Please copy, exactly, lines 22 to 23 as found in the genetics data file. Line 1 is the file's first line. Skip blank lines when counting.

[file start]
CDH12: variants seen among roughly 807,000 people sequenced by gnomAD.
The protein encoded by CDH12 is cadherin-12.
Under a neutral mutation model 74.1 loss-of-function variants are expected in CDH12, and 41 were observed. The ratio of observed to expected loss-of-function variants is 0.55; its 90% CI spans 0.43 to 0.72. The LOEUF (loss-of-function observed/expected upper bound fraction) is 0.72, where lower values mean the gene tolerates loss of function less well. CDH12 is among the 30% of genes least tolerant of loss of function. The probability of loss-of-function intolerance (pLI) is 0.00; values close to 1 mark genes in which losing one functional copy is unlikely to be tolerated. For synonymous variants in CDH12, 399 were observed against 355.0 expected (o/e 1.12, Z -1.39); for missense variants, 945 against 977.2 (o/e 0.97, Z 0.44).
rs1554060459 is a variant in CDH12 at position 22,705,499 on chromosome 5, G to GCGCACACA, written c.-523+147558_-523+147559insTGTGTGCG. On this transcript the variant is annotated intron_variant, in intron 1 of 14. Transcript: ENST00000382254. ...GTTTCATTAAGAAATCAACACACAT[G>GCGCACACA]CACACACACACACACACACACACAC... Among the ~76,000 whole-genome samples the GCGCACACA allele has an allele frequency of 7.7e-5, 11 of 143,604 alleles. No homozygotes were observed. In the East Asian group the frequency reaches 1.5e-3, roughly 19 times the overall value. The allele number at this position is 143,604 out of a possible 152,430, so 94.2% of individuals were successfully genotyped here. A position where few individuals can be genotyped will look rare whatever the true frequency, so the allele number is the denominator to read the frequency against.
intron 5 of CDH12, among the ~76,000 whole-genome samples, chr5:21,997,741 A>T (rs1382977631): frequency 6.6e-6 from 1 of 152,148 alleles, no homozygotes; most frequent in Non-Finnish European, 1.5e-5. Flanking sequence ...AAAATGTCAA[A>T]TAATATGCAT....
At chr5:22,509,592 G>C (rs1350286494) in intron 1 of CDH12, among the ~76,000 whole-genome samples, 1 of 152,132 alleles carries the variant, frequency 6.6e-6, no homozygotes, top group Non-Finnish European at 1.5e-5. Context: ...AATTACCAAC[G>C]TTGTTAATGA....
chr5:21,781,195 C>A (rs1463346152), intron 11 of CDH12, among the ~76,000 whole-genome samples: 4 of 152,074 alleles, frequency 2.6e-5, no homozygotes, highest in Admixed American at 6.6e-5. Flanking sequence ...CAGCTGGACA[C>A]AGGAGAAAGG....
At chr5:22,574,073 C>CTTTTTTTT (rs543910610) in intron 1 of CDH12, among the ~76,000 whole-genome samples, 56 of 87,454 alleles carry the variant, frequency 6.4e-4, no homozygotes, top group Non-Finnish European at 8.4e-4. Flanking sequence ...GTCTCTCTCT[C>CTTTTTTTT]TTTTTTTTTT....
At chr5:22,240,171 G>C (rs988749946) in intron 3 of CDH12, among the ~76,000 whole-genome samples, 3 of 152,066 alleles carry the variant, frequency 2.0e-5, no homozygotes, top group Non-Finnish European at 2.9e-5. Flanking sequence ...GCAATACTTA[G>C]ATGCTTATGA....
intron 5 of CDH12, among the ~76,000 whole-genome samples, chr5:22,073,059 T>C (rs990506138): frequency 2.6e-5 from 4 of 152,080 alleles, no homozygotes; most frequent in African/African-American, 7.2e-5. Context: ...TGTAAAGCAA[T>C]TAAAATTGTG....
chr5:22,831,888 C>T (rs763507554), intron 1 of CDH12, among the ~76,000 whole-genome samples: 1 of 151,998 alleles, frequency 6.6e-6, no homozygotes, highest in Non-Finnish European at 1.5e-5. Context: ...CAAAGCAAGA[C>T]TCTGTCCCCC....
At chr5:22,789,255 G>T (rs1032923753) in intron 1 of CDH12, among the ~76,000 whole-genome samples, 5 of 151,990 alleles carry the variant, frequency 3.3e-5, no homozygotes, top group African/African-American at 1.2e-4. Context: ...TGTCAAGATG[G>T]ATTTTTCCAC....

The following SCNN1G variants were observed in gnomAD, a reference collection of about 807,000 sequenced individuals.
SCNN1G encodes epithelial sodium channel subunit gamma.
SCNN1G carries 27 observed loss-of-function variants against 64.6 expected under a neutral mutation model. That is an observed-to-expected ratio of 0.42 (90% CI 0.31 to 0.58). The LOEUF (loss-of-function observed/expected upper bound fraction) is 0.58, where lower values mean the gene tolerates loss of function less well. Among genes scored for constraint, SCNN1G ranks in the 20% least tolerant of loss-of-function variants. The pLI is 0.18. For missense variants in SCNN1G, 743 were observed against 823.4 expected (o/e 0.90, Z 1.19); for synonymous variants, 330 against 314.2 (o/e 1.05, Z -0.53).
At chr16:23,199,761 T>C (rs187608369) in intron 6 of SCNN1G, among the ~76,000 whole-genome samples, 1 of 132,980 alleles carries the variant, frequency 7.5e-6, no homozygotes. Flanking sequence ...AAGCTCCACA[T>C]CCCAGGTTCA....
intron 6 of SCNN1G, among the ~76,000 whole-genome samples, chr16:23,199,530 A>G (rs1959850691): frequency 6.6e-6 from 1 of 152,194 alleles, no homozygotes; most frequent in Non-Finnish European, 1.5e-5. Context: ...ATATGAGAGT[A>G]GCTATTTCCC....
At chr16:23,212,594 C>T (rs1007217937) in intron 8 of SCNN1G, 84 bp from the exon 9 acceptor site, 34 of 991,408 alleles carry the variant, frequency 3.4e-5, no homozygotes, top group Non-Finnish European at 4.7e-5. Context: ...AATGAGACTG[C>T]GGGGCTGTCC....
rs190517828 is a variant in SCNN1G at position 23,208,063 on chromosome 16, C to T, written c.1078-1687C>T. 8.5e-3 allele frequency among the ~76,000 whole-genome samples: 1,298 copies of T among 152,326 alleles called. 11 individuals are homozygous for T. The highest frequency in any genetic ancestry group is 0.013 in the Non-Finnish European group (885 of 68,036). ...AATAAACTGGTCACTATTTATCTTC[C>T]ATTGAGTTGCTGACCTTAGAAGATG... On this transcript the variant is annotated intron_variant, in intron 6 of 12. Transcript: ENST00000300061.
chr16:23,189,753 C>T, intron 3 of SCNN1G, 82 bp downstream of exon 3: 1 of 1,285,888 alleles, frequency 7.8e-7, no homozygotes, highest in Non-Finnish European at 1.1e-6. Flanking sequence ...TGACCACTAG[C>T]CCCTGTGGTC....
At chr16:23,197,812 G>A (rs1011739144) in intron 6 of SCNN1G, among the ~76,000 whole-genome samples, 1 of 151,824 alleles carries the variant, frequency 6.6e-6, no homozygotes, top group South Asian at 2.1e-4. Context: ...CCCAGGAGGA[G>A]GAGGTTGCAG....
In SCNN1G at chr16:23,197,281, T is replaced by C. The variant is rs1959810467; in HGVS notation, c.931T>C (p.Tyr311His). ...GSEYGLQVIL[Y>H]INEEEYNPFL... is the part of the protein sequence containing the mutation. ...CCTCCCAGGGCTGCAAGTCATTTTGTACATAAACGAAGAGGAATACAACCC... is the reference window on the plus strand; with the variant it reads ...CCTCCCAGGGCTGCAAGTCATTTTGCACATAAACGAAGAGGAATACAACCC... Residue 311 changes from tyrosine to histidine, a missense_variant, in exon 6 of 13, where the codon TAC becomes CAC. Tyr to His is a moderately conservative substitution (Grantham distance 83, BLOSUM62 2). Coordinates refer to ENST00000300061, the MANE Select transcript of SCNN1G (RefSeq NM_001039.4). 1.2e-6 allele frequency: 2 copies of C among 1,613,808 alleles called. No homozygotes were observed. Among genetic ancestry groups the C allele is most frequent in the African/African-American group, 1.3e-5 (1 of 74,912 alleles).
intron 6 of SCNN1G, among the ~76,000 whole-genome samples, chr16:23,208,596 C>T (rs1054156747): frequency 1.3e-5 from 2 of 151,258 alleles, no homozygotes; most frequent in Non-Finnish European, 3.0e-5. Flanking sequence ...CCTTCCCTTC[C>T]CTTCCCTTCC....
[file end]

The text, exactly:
In SCNN1G at chr16:23,197,281, T is replaced by C. The variant is rs1959810467; in HGVS notation, c.931T>C (p.Tyr311His). ...GSEYGLQVIL[Y>H]INEEEYNPFL... is the part of the protein sequence containing the mutation. ...CCTCCCAGGGCTGCAAGTCATTTTGTACATAAACGAAGAGGAATACAACCC... is the reference window on the plus strand; with the variant it reads ...CCTCCCAGGGCTGCAAGTCATTTTGCACATAAACGAAGAGGAATACAACCC... Residue 311 changes from tyrosine to histidine, a missense_variant, in exon 6 of 13, where the codon TAC becomes CAC. Tyr to His is a moderately conservative substitution (Grantham distance 83, BLOSUM62 2). Coordinates refer to ENST00000300061, the MANE Select transcript of SCNN1G (RefSeq NM_001039.4). 1.2e-6 allele frequency: 2 copies of C among 1,613,808 alleles called. No homozygotes were observed. Among genetic ancestry groups the C allele is most frequent in the African/African-American group, 1.3e-5 (1 of 74,912 alleles).
intron 6 of SCNN1G, among the ~76,000 whole-genome samples, chr16:23,208,596 C>T (rs1054156747): frequency 1.3e-5 from 2 of 151,258 alleles, no homozygotes; most frequent in Non-Finnish European, 3.0e-5. Flanking sequence ...CCTTCCCTTC[C>T]CTTCCCTTCC....